A Seasick Steve record, at this point, perhaps isn’t going to cause any musical surprises. You know what you are going to get – and lets be truthful here – there is a bit of that with “Love And Peace”, Steve’s 10th record.
But like so much of the hot air surrounding him, it doesn’t actually matter.
Instead, if I might suggest, if you want to get to the core of the issue, then there’s a couple of songs here that say it all:
First, there’s “Travellin’ Man”, on which he says this: “I am the king of hearts but I’m no heartbreaker, just doing my thing. I am the luckiest man in the whole wide world, I get to play and sing. I hope pretty soon I can do it for you when I come to your town We can get down and boogie, shake off the dust, we can kick it around.”
Then, there’s the title track: “Hey, man, I got an idea. You wanna hear? Or are you just too busy, now? Try a little respect. Common courtesy Just a little respect. Be nice to each other, you see. Gotta stop the hatred, now. Get back to love and peace.”
So there you have it. He is just a bloke who wants to play his guitar, and wants us all to get back to being a bit more decent to each other. Sorted.
Well yeah, but only kind of.
The song “Love And Peace” is perhaps the best here, because its one of the most urgent and funky, a few too many times the record has the suggestion like its stoned in some 60s hippie commune. Take “Regular Man” it has a classic blues sound. Howlin’ Wolf vibes and the harmonica is as righteous as it gets, but it meanders a bit. Like Gov’t Mule or the Grateful Dead, say, it is good, but you wouldn’t mind it sticking to the point.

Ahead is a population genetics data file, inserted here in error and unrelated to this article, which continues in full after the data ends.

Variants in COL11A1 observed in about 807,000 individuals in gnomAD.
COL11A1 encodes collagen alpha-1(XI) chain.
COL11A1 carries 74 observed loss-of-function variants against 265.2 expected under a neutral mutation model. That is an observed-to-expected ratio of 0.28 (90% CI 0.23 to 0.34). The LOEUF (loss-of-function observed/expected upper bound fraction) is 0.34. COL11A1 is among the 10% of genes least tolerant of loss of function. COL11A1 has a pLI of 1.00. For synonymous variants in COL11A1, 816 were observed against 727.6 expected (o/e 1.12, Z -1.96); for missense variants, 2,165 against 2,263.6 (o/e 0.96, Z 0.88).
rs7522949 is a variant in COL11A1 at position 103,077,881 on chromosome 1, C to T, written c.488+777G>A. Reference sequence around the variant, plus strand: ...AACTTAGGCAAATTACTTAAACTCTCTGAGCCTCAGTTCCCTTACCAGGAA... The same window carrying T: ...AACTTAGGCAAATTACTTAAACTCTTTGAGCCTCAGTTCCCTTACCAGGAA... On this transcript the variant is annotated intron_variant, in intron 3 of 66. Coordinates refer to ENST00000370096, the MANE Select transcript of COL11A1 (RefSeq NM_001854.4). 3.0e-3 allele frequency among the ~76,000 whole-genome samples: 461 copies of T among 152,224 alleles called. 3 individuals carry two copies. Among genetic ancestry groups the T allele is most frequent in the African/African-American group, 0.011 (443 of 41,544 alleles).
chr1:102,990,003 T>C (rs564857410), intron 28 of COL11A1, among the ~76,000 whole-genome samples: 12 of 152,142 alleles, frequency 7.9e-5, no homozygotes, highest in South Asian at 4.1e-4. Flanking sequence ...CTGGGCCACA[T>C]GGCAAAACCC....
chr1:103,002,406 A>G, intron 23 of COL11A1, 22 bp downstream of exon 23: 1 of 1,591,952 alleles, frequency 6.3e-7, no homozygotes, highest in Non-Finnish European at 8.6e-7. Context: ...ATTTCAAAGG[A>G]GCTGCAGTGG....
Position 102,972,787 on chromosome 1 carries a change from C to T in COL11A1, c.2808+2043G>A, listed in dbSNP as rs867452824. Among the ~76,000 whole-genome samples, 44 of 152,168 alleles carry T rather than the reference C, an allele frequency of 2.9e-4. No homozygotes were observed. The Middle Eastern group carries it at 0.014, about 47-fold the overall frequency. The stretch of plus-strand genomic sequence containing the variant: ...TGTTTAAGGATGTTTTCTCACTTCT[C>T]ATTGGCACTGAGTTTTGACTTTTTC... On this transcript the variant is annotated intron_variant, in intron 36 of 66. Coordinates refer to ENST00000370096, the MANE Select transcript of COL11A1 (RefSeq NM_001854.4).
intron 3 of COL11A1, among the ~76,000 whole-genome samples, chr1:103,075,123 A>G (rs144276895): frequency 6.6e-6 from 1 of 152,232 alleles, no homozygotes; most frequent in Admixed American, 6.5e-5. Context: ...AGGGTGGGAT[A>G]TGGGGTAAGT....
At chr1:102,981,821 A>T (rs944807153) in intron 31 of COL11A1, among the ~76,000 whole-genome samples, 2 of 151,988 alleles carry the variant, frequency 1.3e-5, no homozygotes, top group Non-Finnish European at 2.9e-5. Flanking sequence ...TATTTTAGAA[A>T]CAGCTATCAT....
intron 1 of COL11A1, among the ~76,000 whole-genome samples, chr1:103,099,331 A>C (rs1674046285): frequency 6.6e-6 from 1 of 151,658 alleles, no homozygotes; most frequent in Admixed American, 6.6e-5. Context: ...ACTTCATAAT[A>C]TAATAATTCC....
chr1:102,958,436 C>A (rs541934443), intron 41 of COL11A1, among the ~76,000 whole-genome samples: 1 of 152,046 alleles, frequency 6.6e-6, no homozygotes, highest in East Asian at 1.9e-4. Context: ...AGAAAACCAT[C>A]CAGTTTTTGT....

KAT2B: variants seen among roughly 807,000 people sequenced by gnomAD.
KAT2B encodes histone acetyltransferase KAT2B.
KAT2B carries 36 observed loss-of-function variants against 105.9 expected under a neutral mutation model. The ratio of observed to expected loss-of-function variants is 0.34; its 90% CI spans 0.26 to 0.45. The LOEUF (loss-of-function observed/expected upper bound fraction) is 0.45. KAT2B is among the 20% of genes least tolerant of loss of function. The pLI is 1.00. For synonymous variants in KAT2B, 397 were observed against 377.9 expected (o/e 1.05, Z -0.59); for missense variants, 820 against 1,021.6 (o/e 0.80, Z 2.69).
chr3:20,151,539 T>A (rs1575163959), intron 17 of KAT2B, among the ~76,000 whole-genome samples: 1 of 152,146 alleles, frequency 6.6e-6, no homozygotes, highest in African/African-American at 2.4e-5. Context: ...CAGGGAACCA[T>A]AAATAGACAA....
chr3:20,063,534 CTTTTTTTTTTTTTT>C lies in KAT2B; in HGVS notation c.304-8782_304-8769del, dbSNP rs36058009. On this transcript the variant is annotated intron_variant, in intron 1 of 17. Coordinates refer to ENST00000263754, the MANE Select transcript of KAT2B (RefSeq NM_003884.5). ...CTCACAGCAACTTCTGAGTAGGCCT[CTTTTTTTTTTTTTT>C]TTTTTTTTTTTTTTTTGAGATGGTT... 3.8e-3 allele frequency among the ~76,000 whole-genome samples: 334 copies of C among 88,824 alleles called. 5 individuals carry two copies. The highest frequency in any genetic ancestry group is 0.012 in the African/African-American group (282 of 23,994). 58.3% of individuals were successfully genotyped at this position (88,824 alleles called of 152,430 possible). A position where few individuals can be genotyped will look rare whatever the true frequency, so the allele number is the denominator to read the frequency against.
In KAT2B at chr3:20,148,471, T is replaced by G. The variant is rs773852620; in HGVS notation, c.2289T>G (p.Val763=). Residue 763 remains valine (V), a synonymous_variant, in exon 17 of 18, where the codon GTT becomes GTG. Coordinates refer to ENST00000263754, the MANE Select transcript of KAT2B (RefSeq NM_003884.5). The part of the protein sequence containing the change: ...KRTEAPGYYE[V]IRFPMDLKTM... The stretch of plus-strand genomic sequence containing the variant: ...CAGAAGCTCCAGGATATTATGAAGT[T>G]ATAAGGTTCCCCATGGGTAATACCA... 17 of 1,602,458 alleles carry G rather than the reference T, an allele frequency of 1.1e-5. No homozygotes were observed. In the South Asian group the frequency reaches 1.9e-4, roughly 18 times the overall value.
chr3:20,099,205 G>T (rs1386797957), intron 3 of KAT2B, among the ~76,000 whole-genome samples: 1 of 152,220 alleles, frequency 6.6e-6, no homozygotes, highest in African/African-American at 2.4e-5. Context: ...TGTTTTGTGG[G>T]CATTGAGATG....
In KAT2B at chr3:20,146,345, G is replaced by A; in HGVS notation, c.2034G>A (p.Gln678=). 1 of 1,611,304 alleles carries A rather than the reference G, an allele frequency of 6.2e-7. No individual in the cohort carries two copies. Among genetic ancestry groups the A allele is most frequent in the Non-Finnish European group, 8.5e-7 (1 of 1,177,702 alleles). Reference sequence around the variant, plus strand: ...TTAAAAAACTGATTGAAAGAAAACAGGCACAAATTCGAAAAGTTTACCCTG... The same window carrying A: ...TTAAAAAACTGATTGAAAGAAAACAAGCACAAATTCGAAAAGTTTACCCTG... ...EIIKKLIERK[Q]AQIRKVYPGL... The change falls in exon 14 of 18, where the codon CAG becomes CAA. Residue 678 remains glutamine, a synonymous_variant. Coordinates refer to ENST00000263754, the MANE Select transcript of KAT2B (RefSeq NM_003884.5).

Maybe in fairness it was supposed to wander, but “I Will Do For You” wafts a little where you’d like to have a little greater emotion. The musicianship, of course, is from the top draw. The grooves of “Clock Is Running” are one of the highlights and “Carni Days” has a flavour of Dylan (lest we forget one of the more spurious claims of Seasick was that he was born in the same year as Bob) and its acoustic, real busker feel is a real talent.
If those are the engine room, then they are joined by “Church Of Me” and “Toes In The Mud”, “My Woman” seems to lack a spark somehow, and there’s no doubt – to me anyway – that this record is better on the likes of “Ain’t Nothing Like The Boogie”, which is driven by its percussion, and is better than “Ready Or Not” which is a little bit blues by numbers almost.
“Mercy”, the closer falls into that too. It’s not a bad song, not at all, but you’ve heard it before.
Ultimately that’s the case with “Love And Peace” as a collection. It’s superbly conceived, and sounds great, but is it maybe just a little superficial? That’s not even a comment on the whole backstory thing, frankly, like the narrative of a concept album, I couldn’t care less. Whether Seasick Steve was homeless or not is about as relevant to this as whether Marilyn Manson was in the Wonder Years, who cares?
It might a be – like the recent Dylan record – an album you need to immerse yourself in for ages. But as a record that enables him to play live, where he truly excels, this will do just fine.